If you have ever lopped off a carrot top and placed it in a dish of water to grow, you already know about the amazing ability some vegetables have to regenerate and regrow. What you may not know, however, is that there are many more plants that you eat on a regular basis that will do the same thing.
Now that you are simplifying your lifestyle, you may want to take a closer look at one of nature’s ultimate recycling programs – re-growing (and re-eating) vegetables.
Here is a list of vegetables you can easily regrow indoors in your kitchen.
1. Green Onions, Leeks, Fennel and Scallions – After you have used the stalk for your cooking, place the white root base in a jar of water (just enough to cover the bulb) and place it on a sunny windowsill. Change the water every few days, as it will begin to smell. In three to five days, the roots will show growth and in seven to 10 days, you should see fresh growth on top. These plants will grow without direct sunlight, but the process will be slower. When it’s time to cook with one of these plants, simply cut off what you need from the green growth, leaving the white root end in the water to keep growing. Keep replacing the water, and you will be able to keep re-using these plants. You may transplant them to your garden, if you wish.
2. Garlic – You can re-grow a garlic plant from just one clove if you plant it, root-end down, in a pot and find it a warm spot with direct sunlight. Or, instead of tossing away a garlic blub that has sprouted shoots, plant it with the shoot above soil level. A garlic plant will produce small flowers as it grows, and, yes, it will have that distinctive smell.
3. Lettuce and Cabbage – You know how you usually use the lettuce or cabbage leaves and throw away the base? Well, next time keep the part you normally toss and place it in a large jar of water on a sunny windowsill. The lettuce will regrow with tasty and tender center leaves. As you harvest the leaves, they will grow back again and again.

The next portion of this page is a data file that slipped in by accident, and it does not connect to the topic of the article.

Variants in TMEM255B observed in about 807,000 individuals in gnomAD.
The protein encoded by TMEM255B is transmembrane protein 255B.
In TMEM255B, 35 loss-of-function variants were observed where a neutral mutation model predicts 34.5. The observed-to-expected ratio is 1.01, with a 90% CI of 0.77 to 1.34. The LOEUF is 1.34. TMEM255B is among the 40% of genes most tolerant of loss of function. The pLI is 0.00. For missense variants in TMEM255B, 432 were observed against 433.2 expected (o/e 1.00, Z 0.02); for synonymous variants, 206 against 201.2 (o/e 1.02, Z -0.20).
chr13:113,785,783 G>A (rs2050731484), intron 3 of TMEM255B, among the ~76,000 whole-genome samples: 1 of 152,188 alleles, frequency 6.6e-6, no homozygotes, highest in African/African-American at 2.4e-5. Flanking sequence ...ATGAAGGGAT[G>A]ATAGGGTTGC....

4. Celery — Celery is also easy to regrow. Cut off about an inch or two of the base and place it in a jar of water. Celery takes its time, so be patient as it will slowly start to re-grow. Keep its water fresh and give it plenty of sunlight.
5. Bok Choy — This Chinese cabbage will also re-grow in water on your sunny windowsill. Cut off the end nub and place it in a bowl of water. You should see new growth in about seven to 10 days. Be sure to keep the water fresh.
6. Lemongrass – Place the root end in a glass of water and let it start to grow on your windowsill. Within about a week or so, new growth will appear. As it grows, trim the grass your want to use in your cooking.
7. Ginger – What you use to cook with is the root of the ginger plant. To re-generate the root, take a fresh section (one that is not dry or wrinkled) that you have left over from your recipe and partially submerge it in soil so that any of its nubbins are pointed up or to the side. Keep the soil moderately moist. Your ginger root will begin growing within a few weeks. As it grows and matures, this pretty plant prefers indirect sunlight. How do you get more ginger? Pull up the plant, harvest some of the root and start the process over again.
8. Bean Sprouts – Did you have some leftover beans from a recipe? Soak the beans overnight. Then drain them and lay them out on paper towels. Rinse and lay them out again. Repeat process for a few days and you will start seeing sprouts appear. When they are the size you like, you can use them for sandwiches and salads. Store what you don’t use in the refrigerator.
9. Potatoes — Try re-growing potatoes that you can transplant later to your garden. Here’s how: When a potato starts to grow eyes, cut the potato into two-inch pieces with a couple of eyes on each piece. Let the sections sit out at room temperature for at least 24 hours to dry and so that the cuts can heal over. Then plant the sections — with the eyes facing upwards — in about eight inches deep in a large pot filled with nutrient-rich soil. As sprouts emerge, add four more inches of soil to the top of the pot.
10. Onions — Regular onions are also easy to regenerate. Place the root portion in a cup of water on a sunny windowsill. Once the roots have grown, you can transfer the plant to a pot of soil, or if it is springtime, to your yard.
The keys to success for re-growing each of these plants are using fresh scraps, having plenty of sunlight and supplying plenty of fresh water. If you are not having any success, consider your water. Many of these plants are sensitive to chemicals, so try the process again using distilled water. If your home doesn’t get much sunlight, you can also try putting the plants under grow lights.
Re-growing vegetables does take some trial and error. Feel free to experiment with what works in your home. Children really enjoy the process of re-growing vegetables, so be sure to get them involved. Let them be in charge of replacing the water, for instance, or in measuring a growing plant. It is a great way to get them involved in a gardening project when it is too cold to do much in your outdoor garden. Have fun!